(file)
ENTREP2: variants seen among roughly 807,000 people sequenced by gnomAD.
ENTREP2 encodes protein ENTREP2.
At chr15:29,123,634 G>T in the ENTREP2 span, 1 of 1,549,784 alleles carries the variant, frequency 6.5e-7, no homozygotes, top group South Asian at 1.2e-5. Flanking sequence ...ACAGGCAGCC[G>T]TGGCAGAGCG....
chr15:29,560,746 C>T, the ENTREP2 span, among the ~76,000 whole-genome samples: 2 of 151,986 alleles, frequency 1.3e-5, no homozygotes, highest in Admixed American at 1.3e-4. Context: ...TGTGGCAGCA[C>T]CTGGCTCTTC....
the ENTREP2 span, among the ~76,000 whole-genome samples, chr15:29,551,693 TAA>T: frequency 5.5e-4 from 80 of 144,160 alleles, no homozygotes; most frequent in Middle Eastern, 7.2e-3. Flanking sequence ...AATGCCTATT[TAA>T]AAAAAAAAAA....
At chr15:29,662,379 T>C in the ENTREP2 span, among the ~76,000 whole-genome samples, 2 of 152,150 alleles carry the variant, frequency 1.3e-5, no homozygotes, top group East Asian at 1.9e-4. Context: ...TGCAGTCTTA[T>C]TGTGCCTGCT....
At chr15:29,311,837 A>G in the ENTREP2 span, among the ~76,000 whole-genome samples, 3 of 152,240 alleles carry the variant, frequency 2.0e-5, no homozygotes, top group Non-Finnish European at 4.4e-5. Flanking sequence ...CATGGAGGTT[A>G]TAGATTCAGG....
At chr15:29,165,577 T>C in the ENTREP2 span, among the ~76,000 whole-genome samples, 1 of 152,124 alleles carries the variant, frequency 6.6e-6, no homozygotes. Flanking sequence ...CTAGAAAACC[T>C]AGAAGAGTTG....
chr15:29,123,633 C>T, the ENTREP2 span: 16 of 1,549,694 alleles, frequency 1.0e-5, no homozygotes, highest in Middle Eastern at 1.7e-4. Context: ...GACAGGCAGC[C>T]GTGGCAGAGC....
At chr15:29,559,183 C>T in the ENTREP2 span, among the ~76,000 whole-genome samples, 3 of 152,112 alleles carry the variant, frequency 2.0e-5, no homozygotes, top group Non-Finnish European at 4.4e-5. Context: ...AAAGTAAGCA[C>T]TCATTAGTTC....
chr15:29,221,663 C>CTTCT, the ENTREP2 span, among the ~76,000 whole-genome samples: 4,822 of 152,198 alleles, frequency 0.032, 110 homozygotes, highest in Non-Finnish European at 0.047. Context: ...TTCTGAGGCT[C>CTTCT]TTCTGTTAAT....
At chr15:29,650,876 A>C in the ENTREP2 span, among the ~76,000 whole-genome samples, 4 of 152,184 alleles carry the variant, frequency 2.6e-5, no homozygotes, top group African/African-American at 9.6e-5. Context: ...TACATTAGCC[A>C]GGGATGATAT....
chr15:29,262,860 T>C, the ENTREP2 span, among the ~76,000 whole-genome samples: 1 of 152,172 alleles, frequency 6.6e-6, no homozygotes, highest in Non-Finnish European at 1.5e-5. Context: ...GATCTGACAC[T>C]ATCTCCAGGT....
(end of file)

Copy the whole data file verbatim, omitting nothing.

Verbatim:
ENTREP2: variants seen among roughly 807,000 people sequenced by gnomAD.
ENTREP2 encodes protein ENTREP2.
At chr15:29,123,634 G>T in the ENTREP2 span, 1 of 1,549,784 alleles carries the variant, frequency 6.5e-7, no homozygotes, top group South Asian at 1.2e-5. Flanking sequence ...ACAGGCAGCC[G>T]TGGCAGAGCG....
chr15:29,560,746 C>T, the ENTREP2 span, among the ~76,000 whole-genome samples: 2 of 151,986 alleles, frequency 1.3e-5, no homozygotes, highest in Admixed American at 1.3e-4. Context: ...TGTGGCAGCA[C>T]CTGGCTCTTC....
the ENTREP2 span, among the ~76,000 whole-genome samples, chr15:29,551,693 TAA>T: frequency 5.5e-4 from 80 of 144,160 alleles, no homozygotes; most frequent in Middle Eastern, 7.2e-3. Flanking sequence ...AATGCCTATT[TAA>T]AAAAAAAAAA....
At chr15:29,662,379 T>C in the ENTREP2 span, among the ~76,000 whole-genome samples, 2 of 152,150 alleles carry the variant, frequency 1.3e-5, no homozygotes, top group East Asian at 1.9e-4. Context: ...TGCAGTCTTA[T>C]TGTGCCTGCT....
At chr15:29,311,837 A>G in the ENTREP2 span, among the ~76,000 whole-genome samples, 3 of 152,240 alleles carry the variant, frequency 2.0e-5, no homozygotes, top group Non-Finnish European at 4.4e-5. Flanking sequence ...CATGGAGGTT[A>G]TAGATTCAGG....
At chr15:29,165,577 T>C in the ENTREP2 span, among the ~76,000 whole-genome samples, 1 of 152,124 alleles carries the variant, frequency 6.6e-6, no homozygotes. Flanking sequence ...CTAGAAAACC[T>C]AGAAGAGTTG....
chr15:29,123,633 C>T, the ENTREP2 span: 16 of 1,549,694 alleles, frequency 1.0e-5, no homozygotes, highest in Middle Eastern at 1.7e-4. Context: ...GACAGGCAGC[C>T]GTGGCAGAGC....
At chr15:29,559,183 C>T in the ENTREP2 span, among the ~76,000 whole-genome samples, 3 of 152,112 alleles carry the variant, frequency 2.0e-5, no homozygotes, top group Non-Finnish European at 4.4e-5. Context: ...AAAGTAAGCA[C>T]TCATTAGTTC....
chr15:29,221,663 C>CTTCT, the ENTREP2 span, among the ~76,000 whole-genome samples: 4,822 of 152,198 alleles, frequency 0.032, 110 homozygotes, highest in Non-Finnish European at 0.047. Context: ...TTCTGAGGCT[C>CTTCT]TTCTGTTAAT....
At chr15:29,650,876 A>C in the ENTREP2 span, among the ~76,000 whole-genome samples, 4 of 152,184 alleles carry the variant, frequency 2.6e-5, no homozygotes, top group African/African-American at 9.6e-5. Context: ...TACATTAGCC[A>C]GGGATGATAT....
chr15:29,262,860 T>C, the ENTREP2 span, among the ~76,000 whole-genome samples: 1 of 152,172 alleles, frequency 6.6e-6, no homozygotes, highest in Non-Finnish European at 1.5e-5. Context: ...GATCTGACAC[T>C]ATCTCCAGGT....